In the case of Cerner, the Omnicell system can function as an extension of the EHR. "If I'm a nurse, I want to be able to go to any computer to queue up medications for the patient to take and have medications ready by the time I get to the cabinet," Russel says. In the past, the more common pattern might have been to copy the information from the EHR onto a slip of paper and then enter it into the Omnicell software. "We're getting rid of that gap and potential for errors," she says.

Omnicell and Cerner plan a second phase of even tighter integration between the dispensing system and the EHR.

Randy Lantz, VP of engineering for Cerner DeviceWorks, said this is not the first time the Cerner Millennium EHR has been integrated with medication management systems but the iBus integration is an improvement over solutions based on HL7. HL7 is a standard messaging format for passing clinical information between software applications or even between institutions in health information exchange scenerios.

"While HL7 is a standard and very prevalent in the industry, it can be difficult to implement and requires a fair amount of management," Lantz said. The iBus technology allows much tighter and faster integration, he said. "With this architecture, we're at a tier just above the database. We're listening for events in near-real time as they're written to the database and notifying Omnicell."

The integration also takes advantage of the Cerner MPages development tool for creating custom screens and custom workflows for the combined Millennium to Omnicell functionality, he said. "Before, clinicians were dealing with two disparate systems," he said, which meant the same steps performed in the EHR had to be replicated at the medication cabinet. "With this integration, they're fundamentally doing that one time in the MPage," he said.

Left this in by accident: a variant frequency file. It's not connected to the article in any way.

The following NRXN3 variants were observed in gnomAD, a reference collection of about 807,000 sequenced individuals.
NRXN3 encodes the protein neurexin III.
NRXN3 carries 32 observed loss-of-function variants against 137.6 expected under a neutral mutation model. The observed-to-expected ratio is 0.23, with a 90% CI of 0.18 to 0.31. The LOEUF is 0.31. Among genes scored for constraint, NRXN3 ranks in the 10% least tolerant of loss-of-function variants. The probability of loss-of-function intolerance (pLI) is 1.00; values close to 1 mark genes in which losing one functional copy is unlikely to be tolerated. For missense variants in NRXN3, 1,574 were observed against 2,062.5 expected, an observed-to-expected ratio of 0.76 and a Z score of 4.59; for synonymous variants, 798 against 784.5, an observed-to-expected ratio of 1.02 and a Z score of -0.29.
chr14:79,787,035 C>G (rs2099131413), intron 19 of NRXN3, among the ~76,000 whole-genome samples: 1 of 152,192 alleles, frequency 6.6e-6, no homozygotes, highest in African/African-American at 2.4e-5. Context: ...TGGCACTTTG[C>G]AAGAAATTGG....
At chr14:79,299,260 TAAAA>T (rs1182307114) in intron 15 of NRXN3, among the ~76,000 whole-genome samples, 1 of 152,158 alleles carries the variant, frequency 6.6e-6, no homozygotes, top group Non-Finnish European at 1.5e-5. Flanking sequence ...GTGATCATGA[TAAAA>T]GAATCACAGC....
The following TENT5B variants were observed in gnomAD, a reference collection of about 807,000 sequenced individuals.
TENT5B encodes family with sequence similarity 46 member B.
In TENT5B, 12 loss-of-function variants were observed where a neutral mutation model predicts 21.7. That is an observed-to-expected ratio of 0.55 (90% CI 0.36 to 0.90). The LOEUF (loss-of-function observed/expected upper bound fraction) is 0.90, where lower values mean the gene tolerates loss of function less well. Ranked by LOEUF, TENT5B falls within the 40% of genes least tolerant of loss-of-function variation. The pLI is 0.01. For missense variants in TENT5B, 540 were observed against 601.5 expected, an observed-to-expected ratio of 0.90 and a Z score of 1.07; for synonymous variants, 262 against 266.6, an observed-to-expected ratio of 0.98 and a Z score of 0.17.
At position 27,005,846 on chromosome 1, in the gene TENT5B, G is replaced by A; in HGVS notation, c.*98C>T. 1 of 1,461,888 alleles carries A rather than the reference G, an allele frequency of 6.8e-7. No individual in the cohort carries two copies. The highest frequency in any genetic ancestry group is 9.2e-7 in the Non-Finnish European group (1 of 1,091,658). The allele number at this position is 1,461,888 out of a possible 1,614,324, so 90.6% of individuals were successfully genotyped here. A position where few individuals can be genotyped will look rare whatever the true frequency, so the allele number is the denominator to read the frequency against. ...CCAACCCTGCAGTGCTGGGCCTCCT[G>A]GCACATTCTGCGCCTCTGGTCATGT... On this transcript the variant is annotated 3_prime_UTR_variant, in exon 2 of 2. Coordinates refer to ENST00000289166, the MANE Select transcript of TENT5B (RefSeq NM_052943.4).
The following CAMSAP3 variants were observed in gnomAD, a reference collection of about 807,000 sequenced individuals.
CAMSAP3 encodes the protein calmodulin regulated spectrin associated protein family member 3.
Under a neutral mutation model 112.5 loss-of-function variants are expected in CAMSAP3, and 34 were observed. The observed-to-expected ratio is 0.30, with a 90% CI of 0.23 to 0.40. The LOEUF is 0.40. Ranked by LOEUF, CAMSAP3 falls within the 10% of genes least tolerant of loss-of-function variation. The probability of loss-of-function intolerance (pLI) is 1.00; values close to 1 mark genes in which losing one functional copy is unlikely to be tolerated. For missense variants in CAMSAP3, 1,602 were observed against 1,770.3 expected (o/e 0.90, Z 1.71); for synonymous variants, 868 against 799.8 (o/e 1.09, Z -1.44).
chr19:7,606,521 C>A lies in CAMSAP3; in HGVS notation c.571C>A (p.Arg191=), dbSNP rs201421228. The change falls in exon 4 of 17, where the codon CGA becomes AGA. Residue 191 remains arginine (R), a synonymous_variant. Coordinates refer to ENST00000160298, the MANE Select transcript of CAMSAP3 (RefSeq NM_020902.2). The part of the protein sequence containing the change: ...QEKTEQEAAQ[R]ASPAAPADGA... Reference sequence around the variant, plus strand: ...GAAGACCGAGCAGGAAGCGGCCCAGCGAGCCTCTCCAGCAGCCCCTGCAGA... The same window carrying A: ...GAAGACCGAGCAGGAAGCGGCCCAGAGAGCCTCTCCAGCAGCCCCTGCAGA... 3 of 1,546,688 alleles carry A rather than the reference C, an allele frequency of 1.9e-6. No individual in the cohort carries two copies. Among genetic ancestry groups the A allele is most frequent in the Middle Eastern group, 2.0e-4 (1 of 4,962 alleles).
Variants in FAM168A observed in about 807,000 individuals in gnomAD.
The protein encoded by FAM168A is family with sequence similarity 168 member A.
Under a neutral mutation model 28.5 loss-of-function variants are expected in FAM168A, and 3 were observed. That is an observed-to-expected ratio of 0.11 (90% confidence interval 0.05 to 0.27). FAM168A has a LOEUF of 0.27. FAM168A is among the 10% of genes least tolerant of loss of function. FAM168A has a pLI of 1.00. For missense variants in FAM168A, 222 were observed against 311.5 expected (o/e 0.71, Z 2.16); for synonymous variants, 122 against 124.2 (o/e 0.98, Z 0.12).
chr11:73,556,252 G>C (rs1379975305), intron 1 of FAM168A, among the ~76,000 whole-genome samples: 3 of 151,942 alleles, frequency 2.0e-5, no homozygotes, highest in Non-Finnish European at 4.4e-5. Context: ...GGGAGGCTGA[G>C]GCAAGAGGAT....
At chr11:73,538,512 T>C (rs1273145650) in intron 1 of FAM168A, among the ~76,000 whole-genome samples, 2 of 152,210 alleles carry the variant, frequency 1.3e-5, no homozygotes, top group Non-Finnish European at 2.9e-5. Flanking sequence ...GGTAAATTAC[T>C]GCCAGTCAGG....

Though the online exchange of medical records is central to the government's Meaningful Use program, the effort to make such transactions routine has just begun. Also in the Barriers to Health Information Exchange issue of InformationWeek Healthcare: why cloud startups favor Direct Protocol as a simpler alternative to centralized HIEs. (Free registration required.)

David F. Carr oversees InformationWeek's coverage of government and healthcare IT. He previously led coverage of social business and education technologies and continues to contribute in those areas. He is the editor of Social Collaboration for Dummies (Wiley, Oct. 2013) and ... View Full Bio

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David F. Carr
David F. Carr,
User Rank: Author
2/5/2014 | 10:00:21 AM
What other devices should be talking to the EHR?
What other medical devices and hospital equipment should be getting data to and from the EHR?

Seems to me the priorities should be ones like this example, where the integration helps close a gap that is creating unnecessary work and introducing the possibility of error. There's probably a danger of going overboard and stuffing too much data into the EHR records, cluttering things up rather than boosting safety or efficiency.